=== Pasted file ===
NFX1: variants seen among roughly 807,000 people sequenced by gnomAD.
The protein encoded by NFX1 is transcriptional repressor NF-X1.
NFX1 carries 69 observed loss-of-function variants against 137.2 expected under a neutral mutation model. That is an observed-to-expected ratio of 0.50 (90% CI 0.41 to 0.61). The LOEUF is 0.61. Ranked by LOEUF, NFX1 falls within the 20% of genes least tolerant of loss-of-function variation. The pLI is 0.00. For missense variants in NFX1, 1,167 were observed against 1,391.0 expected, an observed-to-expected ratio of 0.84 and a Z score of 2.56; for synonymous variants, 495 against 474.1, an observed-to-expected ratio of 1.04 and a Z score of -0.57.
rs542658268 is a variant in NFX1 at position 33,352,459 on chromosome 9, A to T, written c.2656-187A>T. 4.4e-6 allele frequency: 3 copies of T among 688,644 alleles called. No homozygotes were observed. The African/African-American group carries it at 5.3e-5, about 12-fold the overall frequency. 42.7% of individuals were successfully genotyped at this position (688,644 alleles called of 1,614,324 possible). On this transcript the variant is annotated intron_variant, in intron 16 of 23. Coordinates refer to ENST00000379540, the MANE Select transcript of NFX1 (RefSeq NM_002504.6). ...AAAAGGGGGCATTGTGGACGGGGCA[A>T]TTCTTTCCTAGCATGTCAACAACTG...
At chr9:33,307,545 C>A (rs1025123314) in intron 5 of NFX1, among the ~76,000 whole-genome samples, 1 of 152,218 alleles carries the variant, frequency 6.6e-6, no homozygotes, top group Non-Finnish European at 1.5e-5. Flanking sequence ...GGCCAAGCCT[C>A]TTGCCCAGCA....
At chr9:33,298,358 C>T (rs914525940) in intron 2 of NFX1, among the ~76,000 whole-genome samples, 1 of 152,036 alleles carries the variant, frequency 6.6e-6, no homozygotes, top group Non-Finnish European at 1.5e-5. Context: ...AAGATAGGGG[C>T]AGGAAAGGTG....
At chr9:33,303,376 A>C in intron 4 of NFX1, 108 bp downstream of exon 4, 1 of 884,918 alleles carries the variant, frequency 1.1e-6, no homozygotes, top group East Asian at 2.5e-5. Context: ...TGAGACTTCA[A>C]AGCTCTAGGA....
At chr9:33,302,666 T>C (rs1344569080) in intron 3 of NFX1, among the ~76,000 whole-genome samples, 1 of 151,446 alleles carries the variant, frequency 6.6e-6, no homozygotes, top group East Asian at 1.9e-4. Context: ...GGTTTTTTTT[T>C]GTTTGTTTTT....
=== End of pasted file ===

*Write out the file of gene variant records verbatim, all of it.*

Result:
NFX1: variants seen among roughly 807,000 people sequenced by gnomAD.
The protein encoded by NFX1 is transcriptional repressor NF-X1.
NFX1 carries 69 observed loss-of-function variants against 137.2 expected under a neutral mutation model. That is an observed-to-expected ratio of 0.50 (90% CI 0.41 to 0.61). The LOEUF is 0.61. Ranked by LOEUF, NFX1 falls within the 20% of genes least tolerant of loss-of-function variation. The pLI is 0.00. For missense variants in NFX1, 1,167 were observed against 1,391.0 expected, an observed-to-expected ratio of 0.84 and a Z score of 2.56; for synonymous variants, 495 against 474.1, an observed-to-expected ratio of 1.04 and a Z score of -0.57.
rs542658268 is a variant in NFX1 at position 33,352,459 on chromosome 9, A to T, written c.2656-187A>T. 4.4e-6 allele frequency: 3 copies of T among 688,644 alleles called. No homozygotes were observed. The African/African-American group carries it at 5.3e-5, about 12-fold the overall frequency. 42.7% of individuals were successfully genotyped at this position (688,644 alleles called of 1,614,324 possible). On this transcript the variant is annotated intron_variant, in intron 16 of 23. Coordinates refer to ENST00000379540, the MANE Select transcript of NFX1 (RefSeq NM_002504.6). ...AAAAGGGGGCATTGTGGACGGGGCA[A>T]TTCTTTCCTAGCATGTCAACAACTG...
At chr9:33,307,545 C>A (rs1025123314) in intron 5 of NFX1, among the ~76,000 whole-genome samples, 1 of 152,218 alleles carries the variant, frequency 6.6e-6, no homozygotes, top group Non-Finnish European at 1.5e-5. Flanking sequence ...GGCCAAGCCT[C>A]TTGCCCAGCA....
At chr9:33,298,358 C>T (rs914525940) in intron 2 of NFX1, among the ~76,000 whole-genome samples, 1 of 152,036 alleles carries the variant, frequency 6.6e-6, no homozygotes, top group Non-Finnish European at 1.5e-5. Context: ...AAGATAGGGG[C>T]AGGAAAGGTG....
At chr9:33,303,376 A>C in intron 4 of NFX1, 108 bp downstream of exon 4, 1 of 884,918 alleles carries the variant, frequency 1.1e-6, no homozygotes, top group East Asian at 2.5e-5. Context: ...TGAGACTTCA[A>C]AGCTCTAGGA....
At chr9:33,302,666 T>C (rs1344569080) in intron 3 of NFX1, among the ~76,000 whole-genome samples, 1 of 151,446 alleles carries the variant, frequency 6.6e-6, no homozygotes, top group East Asian at 1.9e-4. Context: ...GGTTTTTTTT[T>C]GTTTGTTTTT....